As I look out of my windows, I see rows and rows of enormous homes. They are beautiful and unique in their own way. These homes were built by individuals who had the means to make substantial improvements. Time after time, all of the small cottages in my neighborhood were sold, torn down and new homes were constructed, taking advantage of every square inch of the lot. I lived in what felt like a war zone due to the noise and construction. My views have been blocked, the light which is so important to living has changed dramatically as I now live in a tunnel under the towering neighbors’ homes. Our streetscape has been completely altered. I accepted this. Every property owner had the right to enjoy their land, their space. We live in an old, small cottage of 1000 square feet that I first rented in the early 1960’s and few years later bought. When I acquired it, this tiny cottage was completely neglected and the entire lot was covered with huge trees, shrubs and vines* Over the next five decades with very limited funds we rescued this cottage. Sure, the cottage looks quaint from the street, almost doll house sized, but let me tell you what you would discover if it were yours. Its walls are paper thin. I hear every noise and conversation from my surrounding neighbors and the nearby streets. The floors shake when we walk. It is not sturdy. Termites love to live in it too. I doubt that any of you would want to live in it. You would tear it down as quickly as all of my neighbors have done in the past. So, why should I, someone who rescued this little place with hard work and no money, someone who did not have the means to remodel my home like everyone else in my neighborhood—be forced to live like this in perpetuity? My adult children now have the means to help us, but suddenly our plans of living as octogenarians in a home that we always had hoped to have are being dismantled due to the city of Laguna Beach desiring for us to be the one museum for the world to view on our street. One cannot say that this cottage any longer contributes to the neighborhood because the streetscape has been entirely altered. Let me reiterate, this museum of a cottage is nothing any of you would ever purchase and live in considering its current state. You too would only purchase it if you could start over. Hence, the proposed non voluntary historic preservation ordinance would brand my cottage not fit to be sold. IS THAT FAIR? I suspect we all know the answer to that question.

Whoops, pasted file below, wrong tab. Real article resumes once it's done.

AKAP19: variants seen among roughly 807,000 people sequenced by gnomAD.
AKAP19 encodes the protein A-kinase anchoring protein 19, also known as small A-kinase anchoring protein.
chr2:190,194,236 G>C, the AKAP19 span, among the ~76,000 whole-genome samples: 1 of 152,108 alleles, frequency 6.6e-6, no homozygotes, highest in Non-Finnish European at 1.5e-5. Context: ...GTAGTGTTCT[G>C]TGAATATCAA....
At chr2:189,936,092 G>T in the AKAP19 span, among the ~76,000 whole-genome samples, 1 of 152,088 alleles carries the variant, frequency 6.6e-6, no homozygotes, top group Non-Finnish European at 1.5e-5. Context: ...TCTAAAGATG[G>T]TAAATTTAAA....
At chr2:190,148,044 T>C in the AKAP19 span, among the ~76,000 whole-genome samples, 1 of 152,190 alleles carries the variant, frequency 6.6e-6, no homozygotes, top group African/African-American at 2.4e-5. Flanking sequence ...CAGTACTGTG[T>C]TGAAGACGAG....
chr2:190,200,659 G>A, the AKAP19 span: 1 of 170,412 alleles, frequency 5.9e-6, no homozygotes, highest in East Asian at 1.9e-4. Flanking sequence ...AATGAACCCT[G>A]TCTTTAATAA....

Written by Barbara Smith and presented at the March 15, 2017 Planning Commission Meeting as a public comment